Screenshot - 2020-08-03T184143.945OK, so, we've, We've implemented change, we have crossed the go live threshold. We have secured that milestone and we've delivered everything that we set out to achieve. The story isn't over just because the project is, and, in fact, this is the most important time to gather those metrics for success. Tell your story with quantitative data. We're working in finance. We know that this is what's going to help us, you know, make or break how people perceive the project after everything is done and done. I have quite a list of some of the things that you can, you can use to capture your results and get the message out there. So, think about all of the different ways that you can quantify this change. Not all of these will be applicable to you, but some of them may be very effective in winning over that broader audience.

So, think about, you know, time to completion. Think about improvements or efficiencies that you found, you know, maybe last quarter, it took us, you know, 60 days to close the books. But maybe this quarter, we were able to shave off 15 days because we've automated some steps along the way, right? Those are messages that are very important and powerful, and they drive to the bottom line.

Think about, can you tell the success of this story with a single report? Or do you need to come back into the, you know, quarter over quarter? Do you want to tell that story within the framework of a year? Think about what timing and what interval makes the most sense for you.

Do you have a ticketing footprint, or after the transition to support? How can you rely on your support team to help you gather metrics? For us? It could be number of issues total, that were reported in production. After we went live, it could be how many of those tickets were escalated or needed, you know, a more senior resource, to contribute to research and root cause analysis. It could just be, you know, hey, we weren't able to so that fewer members of the team, how to reach out to IT support, because we have made this process simpler.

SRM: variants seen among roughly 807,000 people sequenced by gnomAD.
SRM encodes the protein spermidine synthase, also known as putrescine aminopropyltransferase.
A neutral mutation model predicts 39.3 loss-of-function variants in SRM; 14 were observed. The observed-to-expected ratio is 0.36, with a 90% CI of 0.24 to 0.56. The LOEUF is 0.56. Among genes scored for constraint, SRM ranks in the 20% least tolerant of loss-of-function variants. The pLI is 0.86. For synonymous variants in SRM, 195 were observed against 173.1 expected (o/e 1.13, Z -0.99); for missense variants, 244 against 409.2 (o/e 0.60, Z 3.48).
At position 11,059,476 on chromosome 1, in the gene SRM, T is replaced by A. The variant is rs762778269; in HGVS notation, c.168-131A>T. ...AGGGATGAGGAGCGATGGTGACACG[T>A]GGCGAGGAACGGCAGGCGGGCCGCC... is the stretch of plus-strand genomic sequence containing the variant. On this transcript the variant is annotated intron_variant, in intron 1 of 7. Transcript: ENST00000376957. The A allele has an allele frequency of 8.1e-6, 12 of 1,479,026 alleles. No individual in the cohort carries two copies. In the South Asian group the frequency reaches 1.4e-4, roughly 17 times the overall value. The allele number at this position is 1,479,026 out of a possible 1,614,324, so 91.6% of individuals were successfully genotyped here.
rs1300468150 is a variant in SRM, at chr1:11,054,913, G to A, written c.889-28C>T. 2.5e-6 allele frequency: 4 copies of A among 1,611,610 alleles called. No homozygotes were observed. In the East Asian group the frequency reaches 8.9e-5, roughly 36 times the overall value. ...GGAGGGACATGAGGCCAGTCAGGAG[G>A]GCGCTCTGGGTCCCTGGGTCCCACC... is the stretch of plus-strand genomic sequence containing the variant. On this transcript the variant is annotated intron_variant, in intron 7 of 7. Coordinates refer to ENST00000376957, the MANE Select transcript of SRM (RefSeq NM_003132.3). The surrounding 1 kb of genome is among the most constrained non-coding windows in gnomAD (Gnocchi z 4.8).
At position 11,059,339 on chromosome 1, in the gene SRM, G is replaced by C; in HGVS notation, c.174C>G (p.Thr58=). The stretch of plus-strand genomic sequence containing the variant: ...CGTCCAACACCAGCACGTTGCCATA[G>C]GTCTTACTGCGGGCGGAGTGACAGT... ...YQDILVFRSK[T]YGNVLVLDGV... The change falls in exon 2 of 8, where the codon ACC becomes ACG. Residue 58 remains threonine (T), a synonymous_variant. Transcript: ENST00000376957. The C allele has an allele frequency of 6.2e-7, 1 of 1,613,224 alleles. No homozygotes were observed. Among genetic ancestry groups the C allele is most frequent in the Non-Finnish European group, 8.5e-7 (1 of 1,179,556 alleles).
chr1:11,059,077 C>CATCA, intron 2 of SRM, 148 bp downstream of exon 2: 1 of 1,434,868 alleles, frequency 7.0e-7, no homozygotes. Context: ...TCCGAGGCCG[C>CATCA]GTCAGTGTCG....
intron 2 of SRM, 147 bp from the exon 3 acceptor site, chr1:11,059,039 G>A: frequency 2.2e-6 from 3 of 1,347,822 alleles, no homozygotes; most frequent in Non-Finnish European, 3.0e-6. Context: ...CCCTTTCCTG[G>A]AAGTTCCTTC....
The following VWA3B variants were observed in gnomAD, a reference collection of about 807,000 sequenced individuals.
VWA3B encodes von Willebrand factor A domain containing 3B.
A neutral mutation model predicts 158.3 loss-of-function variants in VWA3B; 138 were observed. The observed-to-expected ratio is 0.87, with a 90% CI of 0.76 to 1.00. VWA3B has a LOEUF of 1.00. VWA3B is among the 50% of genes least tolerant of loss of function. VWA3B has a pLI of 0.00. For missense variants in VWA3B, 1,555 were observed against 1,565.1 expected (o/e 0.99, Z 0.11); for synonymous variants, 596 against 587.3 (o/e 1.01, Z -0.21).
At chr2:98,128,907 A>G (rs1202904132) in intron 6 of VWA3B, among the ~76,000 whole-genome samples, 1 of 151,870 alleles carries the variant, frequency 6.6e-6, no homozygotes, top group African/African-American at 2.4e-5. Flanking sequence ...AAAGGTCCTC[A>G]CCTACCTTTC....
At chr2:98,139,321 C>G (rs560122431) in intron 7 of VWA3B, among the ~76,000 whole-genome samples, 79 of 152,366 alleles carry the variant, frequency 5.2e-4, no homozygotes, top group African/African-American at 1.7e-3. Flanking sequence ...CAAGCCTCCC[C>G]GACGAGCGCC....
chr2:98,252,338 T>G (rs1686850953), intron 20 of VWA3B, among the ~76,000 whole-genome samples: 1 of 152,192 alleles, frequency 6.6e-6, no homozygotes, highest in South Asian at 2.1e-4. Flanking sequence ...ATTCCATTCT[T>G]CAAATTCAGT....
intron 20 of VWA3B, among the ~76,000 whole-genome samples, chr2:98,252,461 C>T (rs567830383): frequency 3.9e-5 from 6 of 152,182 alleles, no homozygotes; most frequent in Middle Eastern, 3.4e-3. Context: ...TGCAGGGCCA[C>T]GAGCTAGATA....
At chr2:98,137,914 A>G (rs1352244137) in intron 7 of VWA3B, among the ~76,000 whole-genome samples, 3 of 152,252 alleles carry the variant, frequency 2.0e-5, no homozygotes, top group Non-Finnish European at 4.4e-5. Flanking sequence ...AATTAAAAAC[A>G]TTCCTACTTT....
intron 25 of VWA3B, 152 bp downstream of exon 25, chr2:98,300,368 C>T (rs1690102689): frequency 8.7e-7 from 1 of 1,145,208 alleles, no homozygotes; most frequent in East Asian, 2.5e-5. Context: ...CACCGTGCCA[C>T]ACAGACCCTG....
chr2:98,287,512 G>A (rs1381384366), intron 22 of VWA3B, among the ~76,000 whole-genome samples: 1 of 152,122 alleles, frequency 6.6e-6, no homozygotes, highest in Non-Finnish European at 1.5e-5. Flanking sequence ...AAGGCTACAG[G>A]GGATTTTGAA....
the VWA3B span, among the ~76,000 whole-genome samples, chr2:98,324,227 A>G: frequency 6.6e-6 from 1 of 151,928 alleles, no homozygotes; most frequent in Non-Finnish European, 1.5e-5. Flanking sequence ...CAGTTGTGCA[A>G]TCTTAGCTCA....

Think about how those numbers are going to help you tell the story. Sometimes, when it's all said and done, we were only able to achieve some of our critical success factors and not the entire scope and objectives. So, think about what might be set aside for future phases and begin to generate that goodwill now, so people understand why the follow-up based was necessary, and why the line had to be set where it was, right? Maybe you were only able to engage resources for a particular amount of time, and now you're waiting for their availability again.

So, think about how you can gather data to help you tell the story. This is where lessons learned exercises come into play. Sometimes, instead of having a formal exercise and meeting, I like to send the survey around. Because that's creating a little bit of a buffer, prefer people to sit with their thoughts, and provide feedback. Be able to articulate that with a little bit of care and caution. So, plenty of things here to consider. Alright, this is the hat trick. We have brought it full circle. We've looked at each phase of the project from initiation all the way to closure. And I just want to, kind of, summarize things for you here, so you can see that we started with asking a lot of questions.

We took all those questions and got things down in writing. We took our messages, and we got it out to the entire audience, whether they were part of that projects, inner circle, or whether they were more ancillary, or whether they were just involve way downstream. And then finally, after letting the people know how work is going to change, we capture those results and continue to tell the story, even after the work was said and done. So I'm gonna leave you with a couple of things. I mentioned a ton of artifacts here. This is a checklist. We use it internally, just a guide, It's not a rule, It's not, you know, they don't have to follow it every single time and especially for some of my newer PM's I love for them notice how that framework. So they can really gage what is necessary and what is overkill. Because at the end of the day, you're the one that's going to be looking at these the most often. So you wanna make sure they're actually bringing value and you're not wasting time.

If I could leave you with one thing, it would just need to remember: always, always, always ask questions and capture notes, You never know when they're going to be helpful to you.

OK, so the Very, very good elisabeth's, so I've been monitoring the questions here as you were presenting, so, thank you, let me bring up the question panel here and, uh, and reveal what has been submitted. I'll start with one well, it's a bit of a commentary and then followed up by a question to us. Most, you know, organizational initiatives fail. The numbers can vary anywhere from 70 to 90% of the organization initiatives and included in that projects that start the sale or come short of delivering on their intended objectives. based on your experience. On the, on the, on, the good, the bad, and the ugly. When it comes to project management, what, what do you see? Let's be a bit more optimistic here, Instead of thinking about the failure factors. What are the success factors?